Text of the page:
Angela Readman is the new Featured Writer Her latest poetry collection is The Book of Tides, published by Nine Arches Press. I first came across Angela through Jo Bell’s 52. Week after week after week her poems all that year were dazzling feats of wordmagic and which filled me with poem envy.
The Book of Tides is one to savour over a long period. You can of course read it all in one go, if you dare! The poems are so intricately wrought you can return to each one again and again and find something new every time. She splices the real and the fantastical together in these neat and crafted poems so that you can’t understand how the poems stay put and don’t break loose from their moorings. But, of course, they do take you to an unexpected destination at the end of every poem …
For example, just look at the beginnings ie the titles in the Contents Page:
The House that Wanted to be a Boat
The Aerialist’s Shopping List
The Long April of Electra
The Orange I Didn’t Give the Girl Driving the Tram
Lady with a Goose on her Head
Hallelujah for 50ft Women
All wondrous! So are the poems, just the same – surprising, spun gold. Just as evocative as the beautiful cover.
If you haven’t got this book already, may I suggest you need to have it? You could read this review if wavering!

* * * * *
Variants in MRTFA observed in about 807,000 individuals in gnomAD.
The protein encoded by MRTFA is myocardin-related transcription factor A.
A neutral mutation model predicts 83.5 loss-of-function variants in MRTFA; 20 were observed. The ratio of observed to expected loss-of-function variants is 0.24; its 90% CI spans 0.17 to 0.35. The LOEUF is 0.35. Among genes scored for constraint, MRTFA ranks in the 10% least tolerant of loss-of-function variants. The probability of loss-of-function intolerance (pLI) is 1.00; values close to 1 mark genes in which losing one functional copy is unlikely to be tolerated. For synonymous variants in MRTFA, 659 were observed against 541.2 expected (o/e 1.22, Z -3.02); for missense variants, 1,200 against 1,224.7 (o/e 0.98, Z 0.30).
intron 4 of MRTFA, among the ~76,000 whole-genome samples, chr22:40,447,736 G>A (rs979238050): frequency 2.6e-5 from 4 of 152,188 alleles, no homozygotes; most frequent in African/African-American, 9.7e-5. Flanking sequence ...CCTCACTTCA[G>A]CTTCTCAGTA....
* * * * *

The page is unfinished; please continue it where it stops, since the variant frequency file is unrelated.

And Kathleen Jamie wrote this about the title poem that won The Mslexia Poetry Competition: Angela Readman’s winning poem, ‘The Book of Tides’, stood out for me because it smells like a poem. It’s full of authentic but unusual diction, the demotic vocabulary she’s used – phrases like ‘plothery snicket’ – but also the rhythm of the lines. It’s nice and tight; it doesn’t try to explain itself. And it’s peculiar. Peculiar is good. It teases you and makes you focus.
She is also a serial winner of short story competitions and you can read more about these here as well as an interview in which she gives a wonderful answer to the question why do you write? Why do we breathe? I don’t know how to not write, whenever I’ve gone a long time without being able to I don’t feel like myself. I feel like a fraction of who I am, the bit people tell me I’m supposed to be. It’s like having two hands, but living with one tied behind your back. It’s exhausting.
So I’m feeling very honoured to feature Angela Readman.